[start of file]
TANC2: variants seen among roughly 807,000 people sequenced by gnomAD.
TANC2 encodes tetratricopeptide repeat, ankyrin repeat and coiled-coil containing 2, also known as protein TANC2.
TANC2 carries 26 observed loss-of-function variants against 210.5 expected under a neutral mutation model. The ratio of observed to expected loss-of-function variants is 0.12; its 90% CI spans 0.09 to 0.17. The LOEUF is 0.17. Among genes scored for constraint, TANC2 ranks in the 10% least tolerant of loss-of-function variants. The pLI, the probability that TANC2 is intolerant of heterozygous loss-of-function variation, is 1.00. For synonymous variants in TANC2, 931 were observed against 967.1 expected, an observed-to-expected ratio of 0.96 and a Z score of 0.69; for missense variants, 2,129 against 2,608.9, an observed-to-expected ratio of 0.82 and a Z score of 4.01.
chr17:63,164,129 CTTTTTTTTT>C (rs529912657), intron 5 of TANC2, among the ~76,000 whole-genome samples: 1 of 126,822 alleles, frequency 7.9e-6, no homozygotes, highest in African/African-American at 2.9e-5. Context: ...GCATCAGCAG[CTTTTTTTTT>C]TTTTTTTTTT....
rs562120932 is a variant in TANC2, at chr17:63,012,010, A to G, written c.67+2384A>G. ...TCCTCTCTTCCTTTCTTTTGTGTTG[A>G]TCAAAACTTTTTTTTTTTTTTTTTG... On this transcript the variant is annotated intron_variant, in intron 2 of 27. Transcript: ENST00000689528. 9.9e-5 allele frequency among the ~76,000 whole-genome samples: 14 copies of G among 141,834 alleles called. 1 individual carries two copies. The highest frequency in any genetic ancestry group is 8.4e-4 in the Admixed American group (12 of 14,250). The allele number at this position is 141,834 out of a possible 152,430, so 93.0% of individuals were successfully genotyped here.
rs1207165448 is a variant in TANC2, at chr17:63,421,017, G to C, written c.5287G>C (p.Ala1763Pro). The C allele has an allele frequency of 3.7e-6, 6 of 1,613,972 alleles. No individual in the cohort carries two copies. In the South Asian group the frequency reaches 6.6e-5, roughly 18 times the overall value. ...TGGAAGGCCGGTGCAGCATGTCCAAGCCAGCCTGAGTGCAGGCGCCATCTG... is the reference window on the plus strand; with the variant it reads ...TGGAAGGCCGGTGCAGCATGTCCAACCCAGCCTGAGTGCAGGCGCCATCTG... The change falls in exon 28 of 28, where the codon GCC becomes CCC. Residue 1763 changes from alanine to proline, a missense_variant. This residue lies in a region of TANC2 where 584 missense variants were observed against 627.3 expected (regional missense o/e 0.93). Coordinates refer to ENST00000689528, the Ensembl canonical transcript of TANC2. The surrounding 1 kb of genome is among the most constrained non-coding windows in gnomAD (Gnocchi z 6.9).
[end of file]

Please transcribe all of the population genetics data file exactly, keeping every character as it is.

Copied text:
TANC2: variants seen among roughly 807,000 people sequenced by gnomAD.
TANC2 encodes tetratricopeptide repeat, ankyrin repeat and coiled-coil containing 2, also known as protein TANC2.
TANC2 carries 26 observed loss-of-function variants against 210.5 expected under a neutral mutation model. The ratio of observed to expected loss-of-function variants is 0.12; its 90% CI spans 0.09 to 0.17. The LOEUF is 0.17. Among genes scored for constraint, TANC2 ranks in the 10% least tolerant of loss-of-function variants. The pLI, the probability that TANC2 is intolerant of heterozygous loss-of-function variation, is 1.00. For synonymous variants in TANC2, 931 were observed against 967.1 expected, an observed-to-expected ratio of 0.96 and a Z score of 0.69; for missense variants, 2,129 against 2,608.9, an observed-to-expected ratio of 0.82 and a Z score of 4.01.
chr17:63,164,129 CTTTTTTTTT>C (rs529912657), intron 5 of TANC2, among the ~76,000 whole-genome samples: 1 of 126,822 alleles, frequency 7.9e-6, no homozygotes, highest in African/African-American at 2.9e-5. Context: ...GCATCAGCAG[CTTTTTTTTT>C]TTTTTTTTTT....
rs562120932 is a variant in TANC2, at chr17:63,012,010, A to G, written c.67+2384A>G. ...TCCTCTCTTCCTTTCTTTTGTGTTG[A>G]TCAAAACTTTTTTTTTTTTTTTTTG... On this transcript the variant is annotated intron_variant, in intron 2 of 27. Transcript: ENST00000689528. 9.9e-5 allele frequency among the ~76,000 whole-genome samples: 14 copies of G among 141,834 alleles called. 1 individual carries two copies. The highest frequency in any genetic ancestry group is 8.4e-4 in the Admixed American group (12 of 14,250). The allele number at this position is 141,834 out of a possible 152,430, so 93.0% of individuals were successfully genotyped here.
rs1207165448 is a variant in TANC2, at chr17:63,421,017, G to C, written c.5287G>C (p.Ala1763Pro). The C allele has an allele frequency of 3.7e-6, 6 of 1,613,972 alleles. No individual in the cohort carries two copies. In the South Asian group the frequency reaches 6.6e-5, roughly 18 times the overall value. ...TGGAAGGCCGGTGCAGCATGTCCAAGCCAGCCTGAGTGCAGGCGCCATCTG... is the reference window on the plus strand; with the variant it reads ...TGGAAGGCCGGTGCAGCATGTCCAACCCAGCCTGAGTGCAGGCGCCATCTG... The change falls in exon 28 of 28, where the codon GCC becomes CCC. Residue 1763 changes from alanine to proline, a missense_variant. This residue lies in a region of TANC2 where 584 missense variants were observed against 627.3 expected (regional missense o/e 0.93). Coordinates refer to ENST00000689528, the Ensembl canonical transcript of TANC2. The surrounding 1 kb of genome is among the most constrained non-coding windows in gnomAD (Gnocchi z 6.9).